I pulled myself up
When I began my journey at Bridge House I was physically, mentally, and spiritually broken. I had fallen so far in such a short time in my life. Drugs and alcohol had become my master, and I had fully lost the power of choice to even think, feel, or act on my own. I remember waking up one day by the New Orleans Mission, sleeping on the cold hard concrete listening to the cars pass overhead. I asked myself, “How did you ever let yourself get to this point?” I never realized at that time that I had a disease. I had come from a good family and to be living on the street was very foreign to me.
By this point in my life, my disease had made me do terrible things to everyone that I loved and they were no longer in my life because I was unwilling to get help for so long. I always believed that I should be able to control this thing, like other people that I see, but it never occurred to me that I have a physical allergy and a mental obsession that is triggered whenever I put any type of foreign substance into my body that changes my perception. I pulled myself up from that hard, cold concrete and came to the realization that I could no longer live the way I was living.
I had heard many great things about Bridge House, but I never had thought to go there because I had to become completely willing to become sober. I walked to Bridge House from the New Orleans Mission carrying my luggage behind me and was completely broken. Once I entered the Bridge House program, they were able to put structure back into my life and it was a place where I could feel safe and truly cared for. Bridge House introduced me to recovery and now it was my time to take the action. I acquired a sponsor and began working steps. I began learning things about myself that I had buried for so long through the use of drugs and alcohol. I began to come to the realization that drugs and alcohol were only a symptom of my problem and the thing that I needed to work on the most was myself.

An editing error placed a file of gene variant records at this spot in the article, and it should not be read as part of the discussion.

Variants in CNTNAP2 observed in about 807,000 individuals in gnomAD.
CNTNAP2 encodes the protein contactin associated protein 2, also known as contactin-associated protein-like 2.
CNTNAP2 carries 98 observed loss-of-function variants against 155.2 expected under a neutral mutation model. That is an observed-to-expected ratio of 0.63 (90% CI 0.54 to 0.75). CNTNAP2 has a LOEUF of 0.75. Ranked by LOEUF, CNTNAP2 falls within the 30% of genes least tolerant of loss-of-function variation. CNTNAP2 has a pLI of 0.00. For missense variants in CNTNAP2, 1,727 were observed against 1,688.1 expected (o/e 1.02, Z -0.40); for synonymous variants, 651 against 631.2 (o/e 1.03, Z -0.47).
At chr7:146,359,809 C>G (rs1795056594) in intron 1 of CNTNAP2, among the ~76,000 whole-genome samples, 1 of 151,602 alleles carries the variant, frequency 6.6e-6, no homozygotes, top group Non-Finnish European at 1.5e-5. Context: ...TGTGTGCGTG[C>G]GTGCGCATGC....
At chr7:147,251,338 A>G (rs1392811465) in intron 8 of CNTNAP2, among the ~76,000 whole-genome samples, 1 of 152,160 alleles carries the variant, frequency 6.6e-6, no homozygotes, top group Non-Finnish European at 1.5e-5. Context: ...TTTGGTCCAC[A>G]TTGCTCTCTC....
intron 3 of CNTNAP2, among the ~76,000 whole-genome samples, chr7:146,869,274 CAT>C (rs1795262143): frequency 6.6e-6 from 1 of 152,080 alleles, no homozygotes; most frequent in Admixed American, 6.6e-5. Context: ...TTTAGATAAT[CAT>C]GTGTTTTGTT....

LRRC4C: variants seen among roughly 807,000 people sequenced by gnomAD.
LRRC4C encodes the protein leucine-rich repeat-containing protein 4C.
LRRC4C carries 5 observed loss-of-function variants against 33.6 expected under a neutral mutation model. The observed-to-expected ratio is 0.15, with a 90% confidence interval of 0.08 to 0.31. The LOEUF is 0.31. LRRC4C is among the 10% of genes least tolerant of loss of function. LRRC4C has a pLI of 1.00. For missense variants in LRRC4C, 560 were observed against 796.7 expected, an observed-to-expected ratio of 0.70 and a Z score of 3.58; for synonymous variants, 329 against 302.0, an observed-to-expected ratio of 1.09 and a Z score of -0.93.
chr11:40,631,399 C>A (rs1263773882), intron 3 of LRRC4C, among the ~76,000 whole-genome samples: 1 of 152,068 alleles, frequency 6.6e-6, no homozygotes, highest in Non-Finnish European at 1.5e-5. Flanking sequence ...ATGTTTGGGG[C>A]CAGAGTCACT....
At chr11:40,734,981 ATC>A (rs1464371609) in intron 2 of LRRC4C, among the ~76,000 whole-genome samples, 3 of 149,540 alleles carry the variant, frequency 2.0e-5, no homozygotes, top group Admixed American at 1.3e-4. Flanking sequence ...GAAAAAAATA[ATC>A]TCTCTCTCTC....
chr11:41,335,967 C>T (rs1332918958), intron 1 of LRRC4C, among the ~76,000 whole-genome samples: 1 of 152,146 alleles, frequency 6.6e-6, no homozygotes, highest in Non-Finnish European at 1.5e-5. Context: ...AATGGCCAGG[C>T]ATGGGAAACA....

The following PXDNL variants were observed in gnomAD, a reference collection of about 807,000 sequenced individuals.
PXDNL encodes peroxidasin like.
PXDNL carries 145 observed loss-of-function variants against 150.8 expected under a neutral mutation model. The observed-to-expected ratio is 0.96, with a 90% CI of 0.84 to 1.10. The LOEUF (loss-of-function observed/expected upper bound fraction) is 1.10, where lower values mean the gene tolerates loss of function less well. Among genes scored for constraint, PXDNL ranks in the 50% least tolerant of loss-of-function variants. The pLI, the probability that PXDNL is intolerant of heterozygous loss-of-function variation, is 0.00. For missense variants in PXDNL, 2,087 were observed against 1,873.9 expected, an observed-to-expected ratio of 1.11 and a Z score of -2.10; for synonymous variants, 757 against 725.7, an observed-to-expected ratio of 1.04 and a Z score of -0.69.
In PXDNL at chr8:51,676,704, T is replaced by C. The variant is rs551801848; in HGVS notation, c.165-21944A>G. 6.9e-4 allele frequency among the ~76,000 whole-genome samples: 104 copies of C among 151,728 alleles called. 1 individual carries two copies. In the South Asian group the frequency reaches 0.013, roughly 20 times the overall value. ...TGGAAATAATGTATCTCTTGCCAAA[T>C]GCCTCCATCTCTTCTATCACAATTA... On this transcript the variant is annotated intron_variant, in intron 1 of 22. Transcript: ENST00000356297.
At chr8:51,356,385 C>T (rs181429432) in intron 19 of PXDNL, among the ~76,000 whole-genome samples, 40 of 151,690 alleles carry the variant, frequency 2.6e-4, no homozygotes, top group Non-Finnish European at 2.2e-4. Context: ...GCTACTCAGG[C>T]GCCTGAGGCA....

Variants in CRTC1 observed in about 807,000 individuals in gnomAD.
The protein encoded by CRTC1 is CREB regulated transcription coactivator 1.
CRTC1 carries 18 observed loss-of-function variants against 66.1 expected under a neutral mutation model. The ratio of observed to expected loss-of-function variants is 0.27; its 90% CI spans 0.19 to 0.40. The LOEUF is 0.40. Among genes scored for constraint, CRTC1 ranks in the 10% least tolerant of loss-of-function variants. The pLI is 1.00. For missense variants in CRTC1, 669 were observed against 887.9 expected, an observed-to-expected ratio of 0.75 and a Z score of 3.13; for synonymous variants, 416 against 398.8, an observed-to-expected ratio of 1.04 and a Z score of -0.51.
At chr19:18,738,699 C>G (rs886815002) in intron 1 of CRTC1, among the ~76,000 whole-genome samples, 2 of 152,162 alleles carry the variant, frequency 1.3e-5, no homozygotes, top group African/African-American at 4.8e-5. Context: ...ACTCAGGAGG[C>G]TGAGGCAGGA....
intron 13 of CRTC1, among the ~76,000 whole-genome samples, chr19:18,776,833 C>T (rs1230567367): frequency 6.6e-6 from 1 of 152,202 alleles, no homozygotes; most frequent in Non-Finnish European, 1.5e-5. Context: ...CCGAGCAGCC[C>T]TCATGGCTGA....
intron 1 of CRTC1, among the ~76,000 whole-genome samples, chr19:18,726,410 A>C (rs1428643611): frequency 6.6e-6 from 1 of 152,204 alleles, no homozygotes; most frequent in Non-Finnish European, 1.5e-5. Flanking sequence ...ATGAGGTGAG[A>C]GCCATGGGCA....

Alcohol and drugs were my solution for many years, but, somewhere down the line, it had turned its back on me. By working the steps and building my support group in the fellowship of Alcoholics Anonymous, I began to learn how to deal with everyday life issues that I would normally get intoxicated over. My relationship with my family and loved ones has grown more than I could ever imagine. Today, I am able to spend quality time with them and give them the son and significant other that they have always known I could be from the very start. I can now contribute to life and society on a daily basis instead of being a burden. I will forever be grateful for the things that Bridge House has done for me to get my life back in order.